Beckman Scholar

Sonia SEhgal

 

U Biology's Sonja Sehgal accepted a Beckman Scholarship this past spring to add to the trove of awards that were already sitting on her academic “mantle” at home. Collective kudos include a Biology Research Scholars Award, a College of Science Scholarship and a Utah Flagship Scholarship.

The Beckman, however, is a step up from her other awards. It represents an unprecedented opportunity, perhaps found nowhere else, in which an undergraduate researcher can hone her craft at the bench and under extraordinary mentorship. The program is a 15-month, mentored research experience for exceptional undergraduate students in chemical and biological sciences, and Martin Horvath, associate professor in the School of Biological Sciences, will serve as her mentor. (Rory Weeks, undergraduate in the Department of Chemistry is the second U Beckman Scholar for 2020-21.) Each scholar receives a $21,000 research stipend to facilitate nine academic calendar months and two three-month summers of research experience. Recipients from around the nation participate in the prestigious Beckman Symposium each summer with one another. Their research began in June 2020 and will conclude in August 2021.

“I started out as a freshman in the ACCESS,” the biology senior explains, referring to the decades-long program hosted by the College of Science Program for Women in Math and Science. “Through this program, I was able to explore various fields in STEM which really kick-started my interest in pursuing biology! Joining the Horvath Lab further sparked my curiosity and has shown me that science goes beyond the stereotypical image of a “scientist.”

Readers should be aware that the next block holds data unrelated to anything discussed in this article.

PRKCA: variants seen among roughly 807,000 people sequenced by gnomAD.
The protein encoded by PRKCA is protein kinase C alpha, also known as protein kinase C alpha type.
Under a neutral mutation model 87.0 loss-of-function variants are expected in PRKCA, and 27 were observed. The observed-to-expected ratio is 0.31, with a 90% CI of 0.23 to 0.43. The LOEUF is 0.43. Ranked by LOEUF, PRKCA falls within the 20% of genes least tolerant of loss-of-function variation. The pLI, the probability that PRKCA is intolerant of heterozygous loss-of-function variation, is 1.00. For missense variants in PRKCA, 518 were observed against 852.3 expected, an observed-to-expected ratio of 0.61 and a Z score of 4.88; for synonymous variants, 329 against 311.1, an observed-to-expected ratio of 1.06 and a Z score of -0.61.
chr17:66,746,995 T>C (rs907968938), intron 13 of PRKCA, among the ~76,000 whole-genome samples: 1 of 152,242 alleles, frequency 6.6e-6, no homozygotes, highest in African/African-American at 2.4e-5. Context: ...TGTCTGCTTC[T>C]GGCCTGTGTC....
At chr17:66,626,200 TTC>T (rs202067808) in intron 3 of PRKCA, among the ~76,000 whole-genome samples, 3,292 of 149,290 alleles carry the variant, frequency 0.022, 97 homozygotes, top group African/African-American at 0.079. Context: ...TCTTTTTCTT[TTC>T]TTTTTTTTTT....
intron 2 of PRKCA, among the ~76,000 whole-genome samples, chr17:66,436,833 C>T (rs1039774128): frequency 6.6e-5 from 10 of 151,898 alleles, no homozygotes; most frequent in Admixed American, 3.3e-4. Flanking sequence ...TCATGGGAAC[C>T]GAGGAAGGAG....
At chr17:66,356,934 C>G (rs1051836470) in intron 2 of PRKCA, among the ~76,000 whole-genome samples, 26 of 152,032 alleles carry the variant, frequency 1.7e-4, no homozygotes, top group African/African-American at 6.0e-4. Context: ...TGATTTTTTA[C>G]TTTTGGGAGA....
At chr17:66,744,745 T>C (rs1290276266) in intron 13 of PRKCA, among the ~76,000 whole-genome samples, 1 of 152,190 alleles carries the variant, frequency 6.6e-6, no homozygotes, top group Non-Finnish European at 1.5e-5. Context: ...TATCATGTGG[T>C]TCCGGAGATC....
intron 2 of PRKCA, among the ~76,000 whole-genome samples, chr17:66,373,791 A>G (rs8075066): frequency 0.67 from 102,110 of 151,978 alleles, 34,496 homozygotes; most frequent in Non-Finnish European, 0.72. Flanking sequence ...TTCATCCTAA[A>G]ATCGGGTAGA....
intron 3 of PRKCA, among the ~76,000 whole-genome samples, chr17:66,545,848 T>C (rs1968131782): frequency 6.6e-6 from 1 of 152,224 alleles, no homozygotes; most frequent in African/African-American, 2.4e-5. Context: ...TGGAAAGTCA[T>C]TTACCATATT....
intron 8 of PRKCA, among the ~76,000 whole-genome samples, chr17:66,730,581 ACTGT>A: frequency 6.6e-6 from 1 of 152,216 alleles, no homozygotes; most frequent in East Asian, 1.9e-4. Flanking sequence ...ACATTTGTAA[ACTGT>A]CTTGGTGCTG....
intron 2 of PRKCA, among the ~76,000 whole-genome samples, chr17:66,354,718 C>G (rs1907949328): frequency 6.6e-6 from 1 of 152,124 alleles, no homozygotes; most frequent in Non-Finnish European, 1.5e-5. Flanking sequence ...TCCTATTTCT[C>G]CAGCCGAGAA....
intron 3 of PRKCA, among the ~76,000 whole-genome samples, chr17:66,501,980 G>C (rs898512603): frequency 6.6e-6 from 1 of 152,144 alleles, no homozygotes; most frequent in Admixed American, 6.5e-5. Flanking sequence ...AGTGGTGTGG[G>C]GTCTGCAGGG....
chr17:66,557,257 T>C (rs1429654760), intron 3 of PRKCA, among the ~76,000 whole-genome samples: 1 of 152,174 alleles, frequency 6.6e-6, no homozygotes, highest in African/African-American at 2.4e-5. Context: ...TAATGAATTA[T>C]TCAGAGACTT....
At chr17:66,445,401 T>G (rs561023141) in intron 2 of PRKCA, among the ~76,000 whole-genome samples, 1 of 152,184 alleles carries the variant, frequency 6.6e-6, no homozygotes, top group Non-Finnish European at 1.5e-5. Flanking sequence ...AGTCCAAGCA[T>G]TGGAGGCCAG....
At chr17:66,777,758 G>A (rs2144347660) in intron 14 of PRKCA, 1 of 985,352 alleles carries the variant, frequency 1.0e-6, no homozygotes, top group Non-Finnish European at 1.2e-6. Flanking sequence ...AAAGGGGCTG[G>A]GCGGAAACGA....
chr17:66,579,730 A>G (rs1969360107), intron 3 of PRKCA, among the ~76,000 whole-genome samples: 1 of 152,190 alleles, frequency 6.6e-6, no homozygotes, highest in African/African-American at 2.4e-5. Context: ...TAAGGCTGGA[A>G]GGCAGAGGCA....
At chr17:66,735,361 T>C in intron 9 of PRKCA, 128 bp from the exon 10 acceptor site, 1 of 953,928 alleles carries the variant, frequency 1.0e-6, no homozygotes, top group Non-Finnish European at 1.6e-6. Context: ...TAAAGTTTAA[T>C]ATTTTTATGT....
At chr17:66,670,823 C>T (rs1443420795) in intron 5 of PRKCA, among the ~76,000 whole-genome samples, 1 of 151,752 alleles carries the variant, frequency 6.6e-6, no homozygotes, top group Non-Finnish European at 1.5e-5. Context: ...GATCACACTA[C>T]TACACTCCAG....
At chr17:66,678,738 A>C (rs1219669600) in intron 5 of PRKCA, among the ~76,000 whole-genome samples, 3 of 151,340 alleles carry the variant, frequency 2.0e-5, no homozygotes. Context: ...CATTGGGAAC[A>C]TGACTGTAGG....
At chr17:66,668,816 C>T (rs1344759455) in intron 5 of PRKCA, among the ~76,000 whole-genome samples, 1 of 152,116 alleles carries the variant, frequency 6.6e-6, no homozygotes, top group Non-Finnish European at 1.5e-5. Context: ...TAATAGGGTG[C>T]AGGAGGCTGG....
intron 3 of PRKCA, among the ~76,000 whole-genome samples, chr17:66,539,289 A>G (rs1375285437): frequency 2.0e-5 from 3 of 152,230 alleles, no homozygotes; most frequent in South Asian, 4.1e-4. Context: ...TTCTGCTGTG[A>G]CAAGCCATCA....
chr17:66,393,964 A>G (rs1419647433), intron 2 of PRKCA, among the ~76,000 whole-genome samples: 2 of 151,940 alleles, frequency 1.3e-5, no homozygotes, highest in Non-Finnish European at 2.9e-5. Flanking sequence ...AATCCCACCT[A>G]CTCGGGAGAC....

Tracking toward a career in medicine

Sonia Sehgal (undergraduate, Biology Research Scholar, Beckman Research Scholar) and Martin Horvath discuss the structure of MutY

Sonia Sehgal (undergraduate, Biology Research Scholar, Beckman Research Scholar) and Martin Horvath discuss the structure of MutY.

Sehgal is far from stereotypical, as a scientist or as an undergraduate. As a woman she knows that she’s in the minority as she works through her academic career and finally a professional career in STEM (Science Technology Engineering and Mathematics). As a complement to her academic career, the Sandy, Utah native has found a job as a University Ambassador. “The ambassadors work closely with the Office of Admissions to share our experience and bring a personal perspective to prospective U of U students,” she says. “When not giving tours or working recruitment events, we can be found having a good time with each other or,” she quips, “practicing walking backwards.”